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  • Writer's picturecchuttonwriter

Hunting the Christmas Spirit

I know it is said that the Highlands are used to long dark days in the winter but in reality we are more used to sharp blue sky and blazing cold sun. Short days yes, but bright ones. This year so far we have had constant dreich weather. The sun seemly has forgotten to rise yet again. So in an effort to dispel the lack of light I took myself off around the burgh.

Living in a small rural place has its advantages. The community has tried its best to lighten the load and looked for every excuse to brighten people’s outlook. Every child received an art parcel from the Trust before Halloween. Then windows were decorated throughout the area in blacks, oranges and lights. Families were encouraged to walk around to view the different displays.

Now, rumour has it that a special guest will be arriving at every street corner with a present for each child before the bairns break up for school. I expect the reindeers will be resting up though before their momentous task on the night of the 24th. I wonder whose car our red suited visitor will be borrowing then for his visits?

As before windows and displays will be shinning forth and families urged to walk around and view them. Many householders have attempted to decorate early so people can enjoy this blast in the dark for longer.

Only I forgot one thing. I forgot that it is just our wee spot in the vastness that is taking part. There I was sitting yet again in a virtual meeting, Christmas tree shining colourfully at my back, enjoying the ambiance. When someone pointed out,

“You’ve got your tree up already, really it’s a bit early isn’t it?” Perhaps for some but here in fact, I was a few days later with the lights at least. We are so wrapped up in our wee worlds right now it is often easy to forget that we are not all on the same time scale.

So did my little or as it turned out longer than expected trip around the area’s lights help to lift the spirits? Well as a matter of fact it did. This of course may have been helped by the hot chocolate I drunk afterwards. Or indeed the playing of Christmas music or burning of the open fire. Well it is cold outside and you can’t beat a real live open fire for the suggestion at least of warmth. Of course a mulled wine may have done the same.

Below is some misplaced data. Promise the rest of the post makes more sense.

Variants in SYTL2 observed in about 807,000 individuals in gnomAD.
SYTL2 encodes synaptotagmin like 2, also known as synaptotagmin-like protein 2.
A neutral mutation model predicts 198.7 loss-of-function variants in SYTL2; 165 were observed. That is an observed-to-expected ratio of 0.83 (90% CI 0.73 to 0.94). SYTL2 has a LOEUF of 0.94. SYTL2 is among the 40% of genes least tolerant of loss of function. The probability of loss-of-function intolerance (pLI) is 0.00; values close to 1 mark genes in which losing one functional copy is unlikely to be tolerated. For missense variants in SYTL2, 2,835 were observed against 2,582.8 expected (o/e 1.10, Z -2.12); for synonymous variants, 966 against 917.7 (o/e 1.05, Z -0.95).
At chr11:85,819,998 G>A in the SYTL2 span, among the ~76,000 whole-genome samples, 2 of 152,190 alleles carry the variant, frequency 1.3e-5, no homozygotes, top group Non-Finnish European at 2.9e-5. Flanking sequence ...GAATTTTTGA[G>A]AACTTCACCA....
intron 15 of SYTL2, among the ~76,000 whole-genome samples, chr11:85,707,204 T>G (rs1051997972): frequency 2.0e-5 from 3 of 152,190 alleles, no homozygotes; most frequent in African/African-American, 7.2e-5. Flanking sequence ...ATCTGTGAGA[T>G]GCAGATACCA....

In a few days it won’t matter whether we all put our decorations up early or not. The rest of the world who participates will have joined us anyway.

I now look forward to next week when Bodach na Nollaig or Santa or Father Christmas or whatever you care to call him will arrive at the end our street. As a grownup will I step out and wonder or will I simply close the door and huddle beside the fire?

If my reaction to a few bright lights are anything to go by, then I feel confident to say that our visitor will indeed bring forth feelings of the Christmas spirit.

So is it really a self-indulgent time of the year? Has the real meaning of Christmas collapsed under the weight of commercialism? I don’t think so, just pause for a second and contemplate. How many places would say “come on in, peer into our gardens? We’ve left sweets, we’ve put up decorations for everyone to enjoy. You are welcome. Share with us some light in the dark.”

This has nothing to do with commercialism. People are not doing this just for their own benefit. They haven’t spent every spare minute hunting fruitlessly for that ‘Christmas Spirit’ inside a few large stores.

No these people, have instead planned and made the effort to call out to neighbours and friends and those they are yet to meet, to come along and share in their celebrations. They have been and are sending out those feeling of wonder and joy within their own community and beyond.

So for all you folks who have helped spread the good cheer and lit up our wee burgh like a….well like a Christmas tree, thank you from the bottom of my steaming hot chocolate mug.

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